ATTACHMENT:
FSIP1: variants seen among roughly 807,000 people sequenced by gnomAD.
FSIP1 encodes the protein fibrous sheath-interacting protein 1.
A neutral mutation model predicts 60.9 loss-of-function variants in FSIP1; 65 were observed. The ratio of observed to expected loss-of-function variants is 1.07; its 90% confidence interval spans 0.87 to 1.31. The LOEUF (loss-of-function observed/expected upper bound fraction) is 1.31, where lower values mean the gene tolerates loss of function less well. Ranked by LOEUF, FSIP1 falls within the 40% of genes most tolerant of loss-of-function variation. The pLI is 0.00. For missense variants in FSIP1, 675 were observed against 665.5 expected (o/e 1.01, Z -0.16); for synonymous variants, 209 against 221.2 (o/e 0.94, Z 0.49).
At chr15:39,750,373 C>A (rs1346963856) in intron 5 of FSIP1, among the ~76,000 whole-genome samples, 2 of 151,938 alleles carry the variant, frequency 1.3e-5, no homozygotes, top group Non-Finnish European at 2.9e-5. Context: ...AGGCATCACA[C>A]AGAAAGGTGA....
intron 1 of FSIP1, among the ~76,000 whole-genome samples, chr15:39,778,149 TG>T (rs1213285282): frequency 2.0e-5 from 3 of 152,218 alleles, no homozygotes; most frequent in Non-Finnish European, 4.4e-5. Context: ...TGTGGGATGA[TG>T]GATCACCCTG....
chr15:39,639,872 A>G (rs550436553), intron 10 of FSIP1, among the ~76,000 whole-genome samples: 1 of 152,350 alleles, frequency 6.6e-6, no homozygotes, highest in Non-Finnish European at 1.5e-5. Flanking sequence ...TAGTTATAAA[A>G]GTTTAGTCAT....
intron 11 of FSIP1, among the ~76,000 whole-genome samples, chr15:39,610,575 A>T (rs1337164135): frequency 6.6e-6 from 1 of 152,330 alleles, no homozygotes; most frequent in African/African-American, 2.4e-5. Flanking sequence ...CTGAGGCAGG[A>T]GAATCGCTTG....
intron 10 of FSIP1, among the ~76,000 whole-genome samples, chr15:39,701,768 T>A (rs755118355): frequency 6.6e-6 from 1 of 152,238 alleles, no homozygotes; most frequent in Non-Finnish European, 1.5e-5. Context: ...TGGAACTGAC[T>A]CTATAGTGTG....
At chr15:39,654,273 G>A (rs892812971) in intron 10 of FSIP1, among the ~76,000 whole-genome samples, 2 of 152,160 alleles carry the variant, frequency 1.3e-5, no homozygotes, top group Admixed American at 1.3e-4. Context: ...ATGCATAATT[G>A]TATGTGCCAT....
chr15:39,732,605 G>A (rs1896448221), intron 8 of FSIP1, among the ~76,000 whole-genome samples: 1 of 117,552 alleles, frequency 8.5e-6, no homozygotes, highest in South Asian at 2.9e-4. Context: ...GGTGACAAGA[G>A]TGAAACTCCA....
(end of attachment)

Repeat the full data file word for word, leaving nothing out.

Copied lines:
FSIP1: variants seen among roughly 807,000 people sequenced by gnomAD.
FSIP1 encodes the protein fibrous sheath-interacting protein 1.
A neutral mutation model predicts 60.9 loss-of-function variants in FSIP1; 65 were observed. The ratio of observed to expected loss-of-function variants is 1.07; its 90% confidence interval spans 0.87 to 1.31. The LOEUF (loss-of-function observed/expected upper bound fraction) is 1.31, where lower values mean the gene tolerates loss of function less well. Ranked by LOEUF, FSIP1 falls within the 40% of genes most tolerant of loss-of-function variation. The pLI is 0.00. For missense variants in FSIP1, 675 were observed against 665.5 expected (o/e 1.01, Z -0.16); for synonymous variants, 209 against 221.2 (o/e 0.94, Z 0.49).
At chr15:39,750,373 C>A (rs1346963856) in intron 5 of FSIP1, among the ~76,000 whole-genome samples, 2 of 151,938 alleles carry the variant, frequency 1.3e-5, no homozygotes, top group Non-Finnish European at 2.9e-5. Context: ...AGGCATCACA[C>A]AGAAAGGTGA....
intron 1 of FSIP1, among the ~76,000 whole-genome samples, chr15:39,778,149 TG>T (rs1213285282): frequency 2.0e-5 from 3 of 152,218 alleles, no homozygotes; most frequent in Non-Finnish European, 4.4e-5. Context: ...TGTGGGATGA[TG>T]GATCACCCTG....
chr15:39,639,872 A>G (rs550436553), intron 10 of FSIP1, among the ~76,000 whole-genome samples: 1 of 152,350 alleles, frequency 6.6e-6, no homozygotes, highest in Non-Finnish European at 1.5e-5. Flanking sequence ...TAGTTATAAA[A>G]GTTTAGTCAT....
intron 11 of FSIP1, among the ~76,000 whole-genome samples, chr15:39,610,575 A>T (rs1337164135): frequency 6.6e-6 from 1 of 152,330 alleles, no homozygotes; most frequent in African/African-American, 2.4e-5. Flanking sequence ...CTGAGGCAGG[A>T]GAATCGCTTG....
intron 10 of FSIP1, among the ~76,000 whole-genome samples, chr15:39,701,768 T>A (rs755118355): frequency 6.6e-6 from 1 of 152,238 alleles, no homozygotes; most frequent in Non-Finnish European, 1.5e-5. Context: ...TGGAACTGAC[T>A]CTATAGTGTG....
At chr15:39,654,273 G>A (rs892812971) in intron 10 of FSIP1, among the ~76,000 whole-genome samples, 2 of 152,160 alleles carry the variant, frequency 1.3e-5, no homozygotes, top group Admixed American at 1.3e-4. Context: ...ATGCATAATT[G>A]TATGTGCCAT....
chr15:39,732,605 G>A (rs1896448221), intron 8 of FSIP1, among the ~76,000 whole-genome samples: 1 of 117,552 alleles, frequency 8.5e-6, no homozygotes, highest in South Asian at 2.9e-4. Context: ...GGTGACAAGA[G>A]TGAAACTCCA....